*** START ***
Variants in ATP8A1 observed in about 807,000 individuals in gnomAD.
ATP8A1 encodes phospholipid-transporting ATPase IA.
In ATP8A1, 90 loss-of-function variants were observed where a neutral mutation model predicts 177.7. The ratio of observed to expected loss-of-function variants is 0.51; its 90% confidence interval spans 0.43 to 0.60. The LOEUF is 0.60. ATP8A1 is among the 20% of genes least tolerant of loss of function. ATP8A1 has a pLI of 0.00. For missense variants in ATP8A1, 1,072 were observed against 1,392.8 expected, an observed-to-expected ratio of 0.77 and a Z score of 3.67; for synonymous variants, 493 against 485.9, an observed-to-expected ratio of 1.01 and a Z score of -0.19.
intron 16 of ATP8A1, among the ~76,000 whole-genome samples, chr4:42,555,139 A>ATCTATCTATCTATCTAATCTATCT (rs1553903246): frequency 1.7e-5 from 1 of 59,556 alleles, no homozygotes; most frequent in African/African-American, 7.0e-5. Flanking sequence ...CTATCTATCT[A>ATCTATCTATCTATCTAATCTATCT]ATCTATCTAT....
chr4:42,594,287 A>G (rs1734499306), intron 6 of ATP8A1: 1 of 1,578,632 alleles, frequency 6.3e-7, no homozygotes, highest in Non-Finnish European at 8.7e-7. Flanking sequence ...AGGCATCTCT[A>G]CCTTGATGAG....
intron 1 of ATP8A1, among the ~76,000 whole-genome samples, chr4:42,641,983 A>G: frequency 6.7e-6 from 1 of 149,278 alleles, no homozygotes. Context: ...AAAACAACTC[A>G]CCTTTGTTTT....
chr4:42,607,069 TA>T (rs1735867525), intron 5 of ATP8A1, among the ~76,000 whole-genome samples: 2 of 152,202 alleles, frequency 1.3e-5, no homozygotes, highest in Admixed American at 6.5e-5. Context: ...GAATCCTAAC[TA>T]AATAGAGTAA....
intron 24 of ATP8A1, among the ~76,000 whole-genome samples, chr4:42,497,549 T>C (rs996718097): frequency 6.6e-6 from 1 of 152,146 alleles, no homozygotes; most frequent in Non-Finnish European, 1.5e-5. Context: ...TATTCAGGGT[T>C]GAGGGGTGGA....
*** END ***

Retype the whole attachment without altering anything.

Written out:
Variants in ATP8A1 observed in about 807,000 individuals in gnomAD.
ATP8A1 encodes phospholipid-transporting ATPase IA.
In ATP8A1, 90 loss-of-function variants were observed where a neutral mutation model predicts 177.7. The ratio of observed to expected loss-of-function variants is 0.51; its 90% confidence interval spans 0.43 to 0.60. The LOEUF is 0.60. ATP8A1 is among the 20% of genes least tolerant of loss of function. ATP8A1 has a pLI of 0.00. For missense variants in ATP8A1, 1,072 were observed against 1,392.8 expected, an observed-to-expected ratio of 0.77 and a Z score of 3.67; for synonymous variants, 493 against 485.9, an observed-to-expected ratio of 1.01 and a Z score of -0.19.
intron 16 of ATP8A1, among the ~76,000 whole-genome samples, chr4:42,555,139 A>ATCTATCTATCTATCTAATCTATCT (rs1553903246): frequency 1.7e-5 from 1 of 59,556 alleles, no homozygotes; most frequent in African/African-American, 7.0e-5. Flanking sequence ...CTATCTATCT[A>ATCTATCTATCTATCTAATCTATCT]ATCTATCTAT....
chr4:42,594,287 A>G (rs1734499306), intron 6 of ATP8A1: 1 of 1,578,632 alleles, frequency 6.3e-7, no homozygotes, highest in Non-Finnish European at 8.7e-7. Flanking sequence ...AGGCATCTCT[A>G]CCTTGATGAG....
intron 1 of ATP8A1, among the ~76,000 whole-genome samples, chr4:42,641,983 A>G: frequency 6.7e-6 from 1 of 149,278 alleles, no homozygotes. Context: ...AAAACAACTC[A>G]CCTTTGTTTT....
chr4:42,607,069 TA>T (rs1735867525), intron 5 of ATP8A1, among the ~76,000 whole-genome samples: 2 of 152,202 alleles, frequency 1.3e-5, no homozygotes, highest in Admixed American at 6.5e-5. Context: ...GAATCCTAAC[TA>T]AATAGAGTAA....
intron 24 of ATP8A1, among the ~76,000 whole-genome samples, chr4:42,497,549 T>C (rs996718097): frequency 6.6e-6 from 1 of 152,146 alleles, no homozygotes; most frequent in Non-Finnish European, 1.5e-5. Context: ...TATTCAGGGT[T>C]GAGGGGTGGA....